Visible skin problems, such as red, sore or chapped skin, lead to more serious instances of dermatitis.
OSD is a threat to health and efficiency in the workplace that goes largely unreported. With no clear guidelines for skin care best practice there is insufficient perception of the problem and a lack of understanding of the consequences of poor skin condition.
“The overall prevalence of dermatitis among current/recent workers was 9.8%, representing approximately 15.2 million workers with dermatitis.”
Prevalence of Dermatitis in the Working Population, United States, 2010 National Health Interview Survey
“The incidence of occupational skin disease may be underestimated by 10-50 times”.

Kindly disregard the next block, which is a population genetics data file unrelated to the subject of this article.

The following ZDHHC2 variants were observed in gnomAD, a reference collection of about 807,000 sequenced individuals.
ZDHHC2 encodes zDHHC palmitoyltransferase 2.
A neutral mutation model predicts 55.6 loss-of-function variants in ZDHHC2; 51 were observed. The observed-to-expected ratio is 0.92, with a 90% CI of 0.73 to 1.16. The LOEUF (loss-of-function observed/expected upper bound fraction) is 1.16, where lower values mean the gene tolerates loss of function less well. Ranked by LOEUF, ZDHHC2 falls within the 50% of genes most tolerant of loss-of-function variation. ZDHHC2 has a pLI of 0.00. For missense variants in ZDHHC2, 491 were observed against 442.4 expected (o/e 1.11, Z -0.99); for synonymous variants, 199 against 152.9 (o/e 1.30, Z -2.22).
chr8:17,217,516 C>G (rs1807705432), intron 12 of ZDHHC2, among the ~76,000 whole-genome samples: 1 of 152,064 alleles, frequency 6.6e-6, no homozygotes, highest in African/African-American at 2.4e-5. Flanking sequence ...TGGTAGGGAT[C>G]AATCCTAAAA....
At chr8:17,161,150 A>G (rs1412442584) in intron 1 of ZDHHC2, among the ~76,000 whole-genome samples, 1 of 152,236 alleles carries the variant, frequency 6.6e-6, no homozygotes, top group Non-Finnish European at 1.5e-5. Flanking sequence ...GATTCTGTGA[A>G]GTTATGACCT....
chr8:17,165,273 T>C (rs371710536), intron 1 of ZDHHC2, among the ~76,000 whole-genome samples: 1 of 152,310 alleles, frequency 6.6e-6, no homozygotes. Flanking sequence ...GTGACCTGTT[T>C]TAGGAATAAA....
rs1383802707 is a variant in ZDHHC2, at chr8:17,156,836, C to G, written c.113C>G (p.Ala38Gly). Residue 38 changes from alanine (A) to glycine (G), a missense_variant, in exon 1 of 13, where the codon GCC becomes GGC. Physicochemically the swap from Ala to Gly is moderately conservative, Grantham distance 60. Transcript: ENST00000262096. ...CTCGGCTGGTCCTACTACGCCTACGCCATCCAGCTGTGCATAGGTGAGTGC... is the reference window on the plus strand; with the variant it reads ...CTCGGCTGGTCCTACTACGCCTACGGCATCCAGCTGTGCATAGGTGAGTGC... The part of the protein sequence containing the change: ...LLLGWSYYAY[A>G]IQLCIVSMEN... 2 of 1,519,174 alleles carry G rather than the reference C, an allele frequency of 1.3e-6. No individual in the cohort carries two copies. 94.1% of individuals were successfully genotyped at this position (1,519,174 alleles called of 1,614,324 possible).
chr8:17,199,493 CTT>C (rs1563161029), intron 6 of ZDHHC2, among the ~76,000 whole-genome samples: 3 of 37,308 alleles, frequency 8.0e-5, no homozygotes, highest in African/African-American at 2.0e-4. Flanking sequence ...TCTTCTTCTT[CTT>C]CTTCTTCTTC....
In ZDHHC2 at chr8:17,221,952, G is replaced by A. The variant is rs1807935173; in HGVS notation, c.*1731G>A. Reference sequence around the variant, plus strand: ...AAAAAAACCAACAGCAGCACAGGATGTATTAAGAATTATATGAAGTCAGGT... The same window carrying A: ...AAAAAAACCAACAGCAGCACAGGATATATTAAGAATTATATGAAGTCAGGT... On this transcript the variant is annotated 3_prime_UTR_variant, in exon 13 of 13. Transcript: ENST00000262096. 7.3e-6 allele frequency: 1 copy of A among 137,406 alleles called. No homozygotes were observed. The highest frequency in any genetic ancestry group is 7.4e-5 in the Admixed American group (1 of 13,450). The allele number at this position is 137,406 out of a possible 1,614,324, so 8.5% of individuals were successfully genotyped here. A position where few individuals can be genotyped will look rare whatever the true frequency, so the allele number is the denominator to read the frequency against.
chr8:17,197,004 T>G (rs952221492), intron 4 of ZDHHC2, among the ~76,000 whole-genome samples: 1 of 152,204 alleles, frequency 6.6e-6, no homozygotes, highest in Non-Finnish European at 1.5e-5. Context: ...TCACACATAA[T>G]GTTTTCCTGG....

European Dermatology Forum White Book – Skin Diseases
"73% of skin cases reported were contact dermatitis."
CDC Foundation Epidermiol. Infect. (2008), 136, 65-72
Risk for Employees
- Absence from work due to illness
- Reduced efficiency at work
- Reduced pay
- Lower morale
Risk for Employers
- Reduced productivity
- Increased costs due to absenteeism
Implementing skin care best practice is essential to ensure hand hygiene compliance and maintain food safety standards in the workplace.
Occupational dermatitis is more easily prevented than cured and the costs of prevention are much less than those of a cure.